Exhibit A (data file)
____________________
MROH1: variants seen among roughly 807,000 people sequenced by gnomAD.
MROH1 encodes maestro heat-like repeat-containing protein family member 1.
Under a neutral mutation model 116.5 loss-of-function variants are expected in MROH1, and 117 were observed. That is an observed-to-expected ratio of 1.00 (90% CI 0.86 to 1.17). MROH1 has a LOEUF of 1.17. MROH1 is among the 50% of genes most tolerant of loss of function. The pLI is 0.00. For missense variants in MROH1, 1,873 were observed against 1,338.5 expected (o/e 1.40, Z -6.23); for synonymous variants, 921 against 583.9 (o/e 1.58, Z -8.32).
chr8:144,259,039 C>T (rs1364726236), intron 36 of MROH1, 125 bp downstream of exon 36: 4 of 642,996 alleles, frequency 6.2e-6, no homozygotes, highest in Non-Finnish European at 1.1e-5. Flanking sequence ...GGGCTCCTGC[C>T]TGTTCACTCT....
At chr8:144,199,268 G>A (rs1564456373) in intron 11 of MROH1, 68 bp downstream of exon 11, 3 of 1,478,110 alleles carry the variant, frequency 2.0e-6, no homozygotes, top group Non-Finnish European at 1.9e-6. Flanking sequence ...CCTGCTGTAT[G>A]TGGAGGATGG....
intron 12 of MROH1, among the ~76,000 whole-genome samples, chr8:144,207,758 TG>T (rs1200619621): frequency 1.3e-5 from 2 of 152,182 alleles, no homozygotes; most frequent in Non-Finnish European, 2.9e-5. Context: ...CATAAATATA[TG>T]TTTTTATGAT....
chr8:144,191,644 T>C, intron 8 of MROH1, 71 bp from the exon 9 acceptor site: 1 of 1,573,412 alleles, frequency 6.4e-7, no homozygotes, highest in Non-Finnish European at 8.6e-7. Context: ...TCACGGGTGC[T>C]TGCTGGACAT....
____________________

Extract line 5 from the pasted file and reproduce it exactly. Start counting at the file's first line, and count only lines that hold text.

At chr8:144,199,268 G>A (rs1564456373) in intron 11 of MROH1, 68 bp downstream of exon 11, 3 of 1,478,110 alleles carry the variant, frequency 2.0e-6, no homozygotes, top group Non-Finnish European at 1.9e-6. Flanking sequence ...CCTGCTGTAT[G>A]TGGAGGATGG....